The term “Real Food” definitely applies to the vegetable garden, but here at Tanglewood Farm I’m using this year to try to find ways to grow and preserve more than just our own veggies and fruits. I know this month is our month of gardening posts, however at the core of it, we’re really blogging about growing food. This spring we are growing food in the garden as well as in the farmyard. We’re growing vegetables, fruits, eggs, milk, and yes… even meat.
When eating any food, I find that the more involved in its existence and its presence on my plate, the better I eat and the more satisfied I am. I love to feel the dirt slowly giving way as I pull a beet for my salad, almost like the void beneath is sucking it down like a vacuum, or the sharp recoiling spring of the cane as I pluck an almost-ripe red raspberry. These experiences are so starkly different from being handed a slapped-together cookie-cutter meal at the local such-and-such chain restaurant. Ick.
I love to sit down to a meal and to be able to identify the work that went into everything: the hauling of compost, the dibble of seeds, the spreading of mulch, the work of the rain and the sun itself… all the way to the act of cooking and baking the food in the kitchen. It’s the most satisfying feeling I can think of. It goes right to my core and radiates from within: Satisfaction. Complacency. Happiness.
To prepare for the season of growing, we have our seeds and our bareroot plants (100% heirloom/open pollinated this year). We also ordered heritage white-laced-red Cornish chicks (WLR because they’re prettier, Cornish because they’re meatier), as well as a couple straight-run layer chicks (heritage Buckeyes and Welsummers). Should any of the layer chicks be cockerels, they’ll be sent to freezer camp once they reach full weight. We want to have a small laying flock that can provide us with eggs, as well as the unfortunate bit of meat here and there.
We’re also growing/raising sheep this year. Unfortunately sheep are not as easy to raise as chickens are, and earlier this week tragedy struck when our youngest ewe, Gertrude, went into early labor and delivered a premature lamb, stillborn. It was very sad, but also humbling and grounding. Gertrude is alive and well, and when it came down to it, it was easy for me to see that her health is all that really matters to me. Should our remaining pregnant ewe, Ingrid, give birth to any rams, depending on conformation, they will likely be raised to mature market weight and then also sent to freezer camp. If they’re ewe lambs, I’ll do a little jig for joy and they’ll either be kept for future breeding or sold as fiber ladies. (I’m noticing a very intense polarizing trend in the preferred gender among various species in the farmyard.)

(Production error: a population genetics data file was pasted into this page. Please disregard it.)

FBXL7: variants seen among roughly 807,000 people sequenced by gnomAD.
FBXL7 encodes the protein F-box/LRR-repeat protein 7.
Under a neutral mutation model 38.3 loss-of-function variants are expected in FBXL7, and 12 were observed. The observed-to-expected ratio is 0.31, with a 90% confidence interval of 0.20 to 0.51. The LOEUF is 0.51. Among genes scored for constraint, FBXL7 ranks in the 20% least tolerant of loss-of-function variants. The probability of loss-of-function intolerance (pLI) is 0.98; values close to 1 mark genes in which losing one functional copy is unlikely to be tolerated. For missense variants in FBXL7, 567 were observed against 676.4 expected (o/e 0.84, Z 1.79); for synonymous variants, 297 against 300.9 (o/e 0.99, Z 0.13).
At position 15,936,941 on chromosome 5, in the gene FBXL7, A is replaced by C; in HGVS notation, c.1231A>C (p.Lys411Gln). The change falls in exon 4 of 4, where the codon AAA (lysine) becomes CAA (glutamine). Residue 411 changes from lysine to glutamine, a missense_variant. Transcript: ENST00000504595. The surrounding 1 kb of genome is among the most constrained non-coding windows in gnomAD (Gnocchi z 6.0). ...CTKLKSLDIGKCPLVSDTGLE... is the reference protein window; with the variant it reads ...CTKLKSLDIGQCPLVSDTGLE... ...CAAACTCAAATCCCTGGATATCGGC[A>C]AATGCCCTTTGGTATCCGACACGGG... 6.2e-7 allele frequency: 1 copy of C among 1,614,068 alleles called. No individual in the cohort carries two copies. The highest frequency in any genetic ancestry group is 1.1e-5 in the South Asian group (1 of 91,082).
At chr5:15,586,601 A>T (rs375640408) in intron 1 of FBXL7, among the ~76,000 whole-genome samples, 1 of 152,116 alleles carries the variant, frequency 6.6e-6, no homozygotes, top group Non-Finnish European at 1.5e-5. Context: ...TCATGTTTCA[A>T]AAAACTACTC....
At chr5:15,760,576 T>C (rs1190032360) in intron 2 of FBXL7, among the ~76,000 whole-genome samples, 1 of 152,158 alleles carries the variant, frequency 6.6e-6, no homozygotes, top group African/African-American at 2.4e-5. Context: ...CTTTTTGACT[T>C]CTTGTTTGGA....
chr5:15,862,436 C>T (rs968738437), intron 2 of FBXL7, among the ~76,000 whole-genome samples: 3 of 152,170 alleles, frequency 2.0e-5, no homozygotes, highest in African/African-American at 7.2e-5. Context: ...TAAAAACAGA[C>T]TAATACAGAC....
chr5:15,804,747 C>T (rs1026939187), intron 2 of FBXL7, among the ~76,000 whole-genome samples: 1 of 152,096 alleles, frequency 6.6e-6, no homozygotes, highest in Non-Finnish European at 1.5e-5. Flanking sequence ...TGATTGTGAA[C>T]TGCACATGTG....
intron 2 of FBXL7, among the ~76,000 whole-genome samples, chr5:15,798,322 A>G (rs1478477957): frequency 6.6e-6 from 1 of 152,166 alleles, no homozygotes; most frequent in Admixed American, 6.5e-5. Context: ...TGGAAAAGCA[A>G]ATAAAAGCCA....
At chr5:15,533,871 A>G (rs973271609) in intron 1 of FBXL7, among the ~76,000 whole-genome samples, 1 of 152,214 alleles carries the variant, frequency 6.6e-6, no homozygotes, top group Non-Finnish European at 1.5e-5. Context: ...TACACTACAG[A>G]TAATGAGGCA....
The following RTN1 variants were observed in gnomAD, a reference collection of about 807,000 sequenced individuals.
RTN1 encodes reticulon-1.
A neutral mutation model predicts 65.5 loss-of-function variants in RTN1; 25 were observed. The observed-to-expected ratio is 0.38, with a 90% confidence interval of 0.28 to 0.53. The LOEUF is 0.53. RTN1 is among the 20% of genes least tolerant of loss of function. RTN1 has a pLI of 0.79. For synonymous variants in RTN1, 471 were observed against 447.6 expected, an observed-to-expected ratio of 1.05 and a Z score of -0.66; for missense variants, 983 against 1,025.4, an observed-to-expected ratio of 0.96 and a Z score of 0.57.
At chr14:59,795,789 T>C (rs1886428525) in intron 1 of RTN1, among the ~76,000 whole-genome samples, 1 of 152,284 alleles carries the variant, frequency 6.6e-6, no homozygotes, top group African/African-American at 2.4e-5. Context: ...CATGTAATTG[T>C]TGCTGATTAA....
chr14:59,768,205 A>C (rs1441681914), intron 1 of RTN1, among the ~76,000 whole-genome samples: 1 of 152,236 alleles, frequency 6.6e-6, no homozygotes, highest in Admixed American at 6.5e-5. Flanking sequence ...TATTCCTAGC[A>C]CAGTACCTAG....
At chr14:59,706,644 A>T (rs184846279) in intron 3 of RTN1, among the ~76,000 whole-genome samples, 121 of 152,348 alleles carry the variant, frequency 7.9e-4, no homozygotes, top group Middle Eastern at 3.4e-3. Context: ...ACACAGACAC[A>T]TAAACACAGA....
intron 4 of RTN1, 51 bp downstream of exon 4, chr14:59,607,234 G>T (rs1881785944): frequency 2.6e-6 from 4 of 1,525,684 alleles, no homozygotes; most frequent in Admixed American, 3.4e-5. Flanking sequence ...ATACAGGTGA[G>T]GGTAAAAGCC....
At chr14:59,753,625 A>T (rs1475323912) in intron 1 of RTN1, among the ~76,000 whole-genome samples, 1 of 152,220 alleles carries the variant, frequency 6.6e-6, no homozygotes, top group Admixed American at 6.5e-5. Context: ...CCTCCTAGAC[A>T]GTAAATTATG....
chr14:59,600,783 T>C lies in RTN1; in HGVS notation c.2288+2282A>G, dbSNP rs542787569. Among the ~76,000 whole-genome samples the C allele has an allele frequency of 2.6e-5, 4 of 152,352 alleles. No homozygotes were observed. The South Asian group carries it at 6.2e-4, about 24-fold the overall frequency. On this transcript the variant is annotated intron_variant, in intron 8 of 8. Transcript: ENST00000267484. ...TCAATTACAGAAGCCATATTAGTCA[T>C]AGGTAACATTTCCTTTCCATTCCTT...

In the meantime, while either growing or raising our lamb(s), we are hoping to get a bit of milk from Ingrid. She’s not the world’s heaviest milking Icelandic, but she does have a well developed udder so I’ll be trying to take a little off the top once the lambs are established as healthy and strong. Icelandics make a wonderful triple purpose sheep, having lustrous and strong double coated wool, rich creamy milk, and excellent bone structure and meat quality. They’re one of a very few breeds that are triple purpose, so we’re glad to have them. The sheep milk, however, certainly won’t be enough for our milky adventures this year.
In addition to the sheep, I have purchased a share of a goat (named Gen) at a local goat dairy. I got to meet Gen today, as well as the rest of the goats out at Silver Moon, and it was a great experience for me. If you aren’t familiar with livestock “shares” they’re an interesting method of selling livestock. Basically it comes down to me getting to own Gen for a portion of the week. Whilst owning her, I have access to her for snuggles, kisses, photo ops and, yes, milk. I met her primary owner, Renea, today and she was very pleasant and kindly showed me all around their farm, introducing me to their wonderful fiber rabbits, meat rabbits, quail, muscovies, chickens, and even their horses.
I can’t wait to make goat cheese and sheep cheese and yogurt… or omelettes, and egg salad, and mayonnaise… or smoked sausages, or lamb bacon, or …
You get the idea. This spring is about learning for us, and I can’t stress enough how important it is to be involved in your food. It doesn’t mean going out and slaughtering animals yourself persay, (at least not unless you’re comfortable with it) but you could start by asking the waiter at a restaurant where your beef comes from, or if they’ve looked into local options to take the place of their imported meats…
You could ask around for a local farmers market for animal shares, be they dairy or meat, or just cuddles shares… Take control of what you’re eating, and learn to sit back and take a deep breath, a big bite, and enjoy.
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